5 Summer Safety Tips

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Summer! Time to head outside with the family and enjoy the weather and everything the Truckee Meadows has to offer. Play it smart with our summer safety tips.

Warm weather is here to stay, and that means outdoor fun for you and your family. From hiking, camping and biking to swimming at the local pool or the lake, the region offers no shortage of summer activities.

Prevent accidents and illness by taking the necessary precautions to ensure the safety of your loved ones. Plan ahead: Carry sunscreen in your purse, take a water bottle or two when you leave the house and keep helmets easily accessible for the kids. Simple preemptive measures can make a big difference when it comes to health and safety. 

Summer Safety 101

Kids Summer Safety Tips
Play it safe with your family this summer. Make sure everyone wears a helmet whether biking, skating or riding a scooter. Make it a rule: No helmet, no riding.

1. Be safe around the water
Learn to swim and teach your children how to swim. Wear life jackets and always supervise your children when they’re in and around water.

2. Never leave your child in the car unattended — not even for a minute
Cars can get extremely hot in a very short amount of time and can cause major health concerns and even death.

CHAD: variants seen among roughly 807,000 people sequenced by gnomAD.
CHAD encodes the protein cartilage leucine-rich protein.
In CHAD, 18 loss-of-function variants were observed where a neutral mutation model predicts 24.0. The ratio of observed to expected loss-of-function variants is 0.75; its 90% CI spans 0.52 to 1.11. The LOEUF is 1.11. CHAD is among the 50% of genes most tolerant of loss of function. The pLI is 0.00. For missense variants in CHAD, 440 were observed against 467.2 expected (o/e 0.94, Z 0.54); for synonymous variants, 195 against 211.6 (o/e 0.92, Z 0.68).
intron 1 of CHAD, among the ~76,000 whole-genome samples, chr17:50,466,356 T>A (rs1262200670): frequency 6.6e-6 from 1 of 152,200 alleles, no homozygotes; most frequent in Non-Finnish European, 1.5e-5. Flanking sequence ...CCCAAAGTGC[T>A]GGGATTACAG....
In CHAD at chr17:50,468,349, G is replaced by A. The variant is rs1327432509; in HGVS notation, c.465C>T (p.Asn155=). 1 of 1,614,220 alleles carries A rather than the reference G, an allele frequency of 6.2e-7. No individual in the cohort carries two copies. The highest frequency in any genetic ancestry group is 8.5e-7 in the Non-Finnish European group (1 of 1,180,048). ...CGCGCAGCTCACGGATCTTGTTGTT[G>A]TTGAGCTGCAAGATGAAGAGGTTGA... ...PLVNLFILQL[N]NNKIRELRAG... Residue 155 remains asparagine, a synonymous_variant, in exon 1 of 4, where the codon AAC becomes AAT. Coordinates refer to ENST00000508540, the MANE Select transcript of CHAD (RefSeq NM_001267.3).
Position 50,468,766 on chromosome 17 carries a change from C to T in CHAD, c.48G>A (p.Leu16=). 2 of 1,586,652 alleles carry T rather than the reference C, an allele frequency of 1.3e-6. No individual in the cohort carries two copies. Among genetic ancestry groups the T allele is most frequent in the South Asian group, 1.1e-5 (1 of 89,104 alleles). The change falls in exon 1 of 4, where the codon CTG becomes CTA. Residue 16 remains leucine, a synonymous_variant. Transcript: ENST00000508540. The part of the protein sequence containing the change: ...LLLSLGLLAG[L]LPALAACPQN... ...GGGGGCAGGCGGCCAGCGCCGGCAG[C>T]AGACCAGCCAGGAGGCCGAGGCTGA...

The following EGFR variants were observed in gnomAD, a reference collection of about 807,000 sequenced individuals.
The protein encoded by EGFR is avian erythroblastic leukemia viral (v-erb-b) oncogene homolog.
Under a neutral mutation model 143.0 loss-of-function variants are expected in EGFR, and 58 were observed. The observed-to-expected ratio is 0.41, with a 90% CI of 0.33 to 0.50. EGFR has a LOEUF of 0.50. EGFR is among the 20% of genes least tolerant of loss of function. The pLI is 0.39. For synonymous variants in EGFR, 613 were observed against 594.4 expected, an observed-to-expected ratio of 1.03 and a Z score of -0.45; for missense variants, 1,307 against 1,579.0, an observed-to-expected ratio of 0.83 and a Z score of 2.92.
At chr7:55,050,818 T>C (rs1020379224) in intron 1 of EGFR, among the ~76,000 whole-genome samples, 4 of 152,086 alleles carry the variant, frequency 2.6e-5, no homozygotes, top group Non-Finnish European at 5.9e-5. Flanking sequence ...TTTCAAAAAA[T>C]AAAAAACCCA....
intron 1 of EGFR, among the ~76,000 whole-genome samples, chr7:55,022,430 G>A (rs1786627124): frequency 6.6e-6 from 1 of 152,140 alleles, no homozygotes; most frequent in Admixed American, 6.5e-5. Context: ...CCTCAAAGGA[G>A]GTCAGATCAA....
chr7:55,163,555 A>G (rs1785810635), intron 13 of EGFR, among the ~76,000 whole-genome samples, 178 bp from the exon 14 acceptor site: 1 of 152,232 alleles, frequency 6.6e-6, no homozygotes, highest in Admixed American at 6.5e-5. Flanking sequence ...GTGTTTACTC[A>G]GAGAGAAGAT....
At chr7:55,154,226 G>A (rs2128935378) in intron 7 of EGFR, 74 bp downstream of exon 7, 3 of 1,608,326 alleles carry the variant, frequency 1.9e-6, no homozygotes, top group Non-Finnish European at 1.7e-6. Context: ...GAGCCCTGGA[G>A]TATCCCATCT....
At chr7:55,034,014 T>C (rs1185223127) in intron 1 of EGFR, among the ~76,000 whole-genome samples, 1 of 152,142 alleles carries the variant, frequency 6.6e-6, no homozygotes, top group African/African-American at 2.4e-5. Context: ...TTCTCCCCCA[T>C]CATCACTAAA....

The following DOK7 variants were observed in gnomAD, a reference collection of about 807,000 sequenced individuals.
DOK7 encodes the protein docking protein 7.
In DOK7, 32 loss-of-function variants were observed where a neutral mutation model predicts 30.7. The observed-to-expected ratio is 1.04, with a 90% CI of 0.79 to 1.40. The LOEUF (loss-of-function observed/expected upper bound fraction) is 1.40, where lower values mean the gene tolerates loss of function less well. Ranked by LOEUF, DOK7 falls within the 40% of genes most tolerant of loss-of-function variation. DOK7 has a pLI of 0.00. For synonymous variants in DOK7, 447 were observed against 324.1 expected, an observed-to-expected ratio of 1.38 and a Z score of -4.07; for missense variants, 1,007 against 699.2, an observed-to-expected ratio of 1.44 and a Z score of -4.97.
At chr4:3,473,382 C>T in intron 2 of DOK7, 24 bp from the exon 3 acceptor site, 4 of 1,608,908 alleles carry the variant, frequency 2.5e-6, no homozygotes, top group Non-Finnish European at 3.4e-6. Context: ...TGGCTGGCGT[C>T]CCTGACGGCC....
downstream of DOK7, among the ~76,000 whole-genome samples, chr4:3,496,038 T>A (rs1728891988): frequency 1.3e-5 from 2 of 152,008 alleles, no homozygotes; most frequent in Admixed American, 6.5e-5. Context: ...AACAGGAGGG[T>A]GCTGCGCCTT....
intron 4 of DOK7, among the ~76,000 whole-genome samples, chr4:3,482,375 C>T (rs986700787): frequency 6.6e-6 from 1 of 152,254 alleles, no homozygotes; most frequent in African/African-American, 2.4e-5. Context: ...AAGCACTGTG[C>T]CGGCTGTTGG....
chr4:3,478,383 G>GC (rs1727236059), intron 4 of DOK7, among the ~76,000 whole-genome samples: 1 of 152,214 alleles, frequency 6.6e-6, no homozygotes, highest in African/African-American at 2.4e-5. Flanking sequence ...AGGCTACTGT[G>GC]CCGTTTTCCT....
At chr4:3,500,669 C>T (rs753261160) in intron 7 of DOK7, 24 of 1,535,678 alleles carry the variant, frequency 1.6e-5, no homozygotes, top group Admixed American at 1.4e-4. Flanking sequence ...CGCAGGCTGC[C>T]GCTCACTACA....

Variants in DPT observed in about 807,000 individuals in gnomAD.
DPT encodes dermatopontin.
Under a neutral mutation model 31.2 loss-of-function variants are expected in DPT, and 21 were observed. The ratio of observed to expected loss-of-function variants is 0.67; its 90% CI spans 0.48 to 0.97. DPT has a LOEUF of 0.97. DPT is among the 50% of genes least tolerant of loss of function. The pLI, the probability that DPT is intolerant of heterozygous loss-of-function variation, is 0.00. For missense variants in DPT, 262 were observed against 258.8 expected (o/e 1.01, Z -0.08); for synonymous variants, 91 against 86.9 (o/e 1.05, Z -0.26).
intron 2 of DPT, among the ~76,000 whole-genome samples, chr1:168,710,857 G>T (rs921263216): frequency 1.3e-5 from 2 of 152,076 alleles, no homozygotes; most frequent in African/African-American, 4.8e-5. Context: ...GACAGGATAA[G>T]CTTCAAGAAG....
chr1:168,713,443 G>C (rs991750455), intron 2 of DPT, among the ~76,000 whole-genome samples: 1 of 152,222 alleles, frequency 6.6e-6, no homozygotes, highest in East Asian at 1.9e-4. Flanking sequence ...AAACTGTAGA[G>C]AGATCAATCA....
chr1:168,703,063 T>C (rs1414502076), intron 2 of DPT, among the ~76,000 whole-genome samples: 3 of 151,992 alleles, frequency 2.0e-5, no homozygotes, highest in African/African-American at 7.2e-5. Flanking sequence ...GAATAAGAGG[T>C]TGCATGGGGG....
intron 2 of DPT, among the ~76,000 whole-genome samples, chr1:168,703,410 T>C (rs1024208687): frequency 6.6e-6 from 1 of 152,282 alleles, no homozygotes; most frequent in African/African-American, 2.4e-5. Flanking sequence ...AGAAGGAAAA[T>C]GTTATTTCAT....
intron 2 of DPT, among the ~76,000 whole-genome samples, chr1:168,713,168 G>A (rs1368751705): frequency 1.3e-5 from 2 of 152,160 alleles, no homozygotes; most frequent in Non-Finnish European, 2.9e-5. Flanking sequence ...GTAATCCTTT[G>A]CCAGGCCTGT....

3. Wear sunscreen.
The FDA currently recommends everyone use at least SPF 15 if you are going to be exposed to the direct sun for prolonged periods of time. Reapplication is suggested every two-to-three hours and more often if you’re sweating or jumping in and out of water. Begin to apply sunscreen to your child at 6 months of age.

4. No helmet, no riding
All family members should wear a helmet when biking, riding a scooter or a skateboard. Make it a rule: No helmet, no riding. In an effort to raise awareness about the importance of wearing a helmet, Renown Children’s Hospital has teamed up with Kohl’s Cares to educate kids and families about how to prevent head injuries with Save Your Skull, a year-round program that promotes helmet safety.

5. Stay hydrated
Kids in general have greater surface area to body mass ratio so they lose fluids faster than adults, putting them in danger of heat exhaustion or heat stroke. Whenever your child mentions they’re thirsty have them drink. Typically this should be every 30-60 minutes. Be sure they drink clear fluids as they have the most water content.

Learn more about child and teen safety at Renown Children’s Services.

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